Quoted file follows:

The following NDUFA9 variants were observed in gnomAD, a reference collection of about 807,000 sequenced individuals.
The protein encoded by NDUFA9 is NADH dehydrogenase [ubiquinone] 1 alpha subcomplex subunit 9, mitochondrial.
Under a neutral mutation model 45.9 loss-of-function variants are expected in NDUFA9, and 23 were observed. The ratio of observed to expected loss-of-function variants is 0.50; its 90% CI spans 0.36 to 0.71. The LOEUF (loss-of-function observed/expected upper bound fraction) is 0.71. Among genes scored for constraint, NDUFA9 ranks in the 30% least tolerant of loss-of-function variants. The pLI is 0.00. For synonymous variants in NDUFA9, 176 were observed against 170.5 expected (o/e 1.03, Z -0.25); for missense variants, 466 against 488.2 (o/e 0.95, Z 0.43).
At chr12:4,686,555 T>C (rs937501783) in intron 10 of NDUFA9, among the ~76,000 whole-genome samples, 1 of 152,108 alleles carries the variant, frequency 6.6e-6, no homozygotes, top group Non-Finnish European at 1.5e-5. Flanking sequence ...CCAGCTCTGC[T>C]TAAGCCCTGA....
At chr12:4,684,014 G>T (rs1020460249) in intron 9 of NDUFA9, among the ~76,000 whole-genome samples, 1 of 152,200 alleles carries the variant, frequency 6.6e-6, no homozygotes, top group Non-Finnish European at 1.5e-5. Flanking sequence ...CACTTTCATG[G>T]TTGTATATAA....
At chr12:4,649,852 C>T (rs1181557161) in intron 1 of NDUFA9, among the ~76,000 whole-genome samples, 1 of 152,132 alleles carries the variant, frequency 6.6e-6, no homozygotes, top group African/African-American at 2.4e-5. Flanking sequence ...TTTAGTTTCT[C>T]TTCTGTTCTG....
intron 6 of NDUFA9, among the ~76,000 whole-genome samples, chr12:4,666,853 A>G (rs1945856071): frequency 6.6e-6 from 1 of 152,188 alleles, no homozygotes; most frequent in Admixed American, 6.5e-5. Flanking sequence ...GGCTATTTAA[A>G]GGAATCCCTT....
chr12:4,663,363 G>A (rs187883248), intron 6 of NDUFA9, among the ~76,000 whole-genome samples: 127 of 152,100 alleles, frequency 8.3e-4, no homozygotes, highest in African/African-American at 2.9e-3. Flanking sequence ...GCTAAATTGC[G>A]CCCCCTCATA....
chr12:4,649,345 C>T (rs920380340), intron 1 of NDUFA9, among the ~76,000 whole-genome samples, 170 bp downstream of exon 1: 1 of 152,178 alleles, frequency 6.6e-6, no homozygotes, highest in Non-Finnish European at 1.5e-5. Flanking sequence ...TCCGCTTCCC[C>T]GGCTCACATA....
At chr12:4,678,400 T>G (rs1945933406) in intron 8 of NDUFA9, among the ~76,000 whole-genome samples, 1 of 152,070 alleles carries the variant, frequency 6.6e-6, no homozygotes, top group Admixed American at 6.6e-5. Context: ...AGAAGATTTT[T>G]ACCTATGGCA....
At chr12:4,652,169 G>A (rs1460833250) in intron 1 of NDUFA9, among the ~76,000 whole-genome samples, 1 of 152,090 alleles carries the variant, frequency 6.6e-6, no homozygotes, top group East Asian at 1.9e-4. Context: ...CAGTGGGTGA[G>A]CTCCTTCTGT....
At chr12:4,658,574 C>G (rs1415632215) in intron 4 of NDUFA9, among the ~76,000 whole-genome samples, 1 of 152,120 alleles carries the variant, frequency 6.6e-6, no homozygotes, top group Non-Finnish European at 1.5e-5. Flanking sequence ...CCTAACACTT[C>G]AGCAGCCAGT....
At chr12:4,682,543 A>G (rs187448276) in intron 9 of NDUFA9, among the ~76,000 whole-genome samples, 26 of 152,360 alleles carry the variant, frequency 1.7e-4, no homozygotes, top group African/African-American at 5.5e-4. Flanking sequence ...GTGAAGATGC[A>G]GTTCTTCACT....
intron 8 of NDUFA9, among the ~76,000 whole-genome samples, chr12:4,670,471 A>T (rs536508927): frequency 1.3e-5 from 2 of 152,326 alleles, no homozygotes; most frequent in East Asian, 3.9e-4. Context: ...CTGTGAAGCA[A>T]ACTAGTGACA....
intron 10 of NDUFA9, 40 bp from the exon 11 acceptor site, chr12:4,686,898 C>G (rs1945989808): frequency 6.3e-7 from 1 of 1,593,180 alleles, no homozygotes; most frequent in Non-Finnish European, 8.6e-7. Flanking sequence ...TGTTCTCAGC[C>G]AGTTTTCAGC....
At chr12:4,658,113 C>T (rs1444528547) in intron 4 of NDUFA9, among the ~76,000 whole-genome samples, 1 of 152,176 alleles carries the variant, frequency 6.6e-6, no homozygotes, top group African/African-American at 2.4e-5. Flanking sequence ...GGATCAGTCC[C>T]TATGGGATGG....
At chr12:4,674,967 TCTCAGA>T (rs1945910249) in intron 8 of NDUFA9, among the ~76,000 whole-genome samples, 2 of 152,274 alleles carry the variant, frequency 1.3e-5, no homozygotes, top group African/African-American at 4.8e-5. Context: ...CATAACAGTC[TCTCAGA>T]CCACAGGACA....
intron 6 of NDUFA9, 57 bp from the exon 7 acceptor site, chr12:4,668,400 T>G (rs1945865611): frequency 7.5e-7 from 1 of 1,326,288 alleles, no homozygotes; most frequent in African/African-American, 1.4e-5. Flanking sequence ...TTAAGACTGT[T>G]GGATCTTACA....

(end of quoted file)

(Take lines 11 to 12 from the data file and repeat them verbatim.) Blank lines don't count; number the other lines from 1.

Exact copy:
At chr12:4,652,169 G>A (rs1460833250) in intron 1 of NDUFA9, among the ~76,000 whole-genome samples, 1 of 152,090 alleles carries the variant, frequency 6.6e-6, no homozygotes, top group East Asian at 1.9e-4. Context: ...CAGTGGGTGA[G>A]CTCCTTCTGT....
At chr12:4,658,574 C>G (rs1415632215) in intron 4 of NDUFA9, among the ~76,000 whole-genome samples, 1 of 152,120 alleles carries the variant, frequency 6.6e-6, no homozygotes, top group Non-Finnish European at 1.5e-5. Flanking sequence ...CCTAACACTT[C>G]AGCAGCCAGT....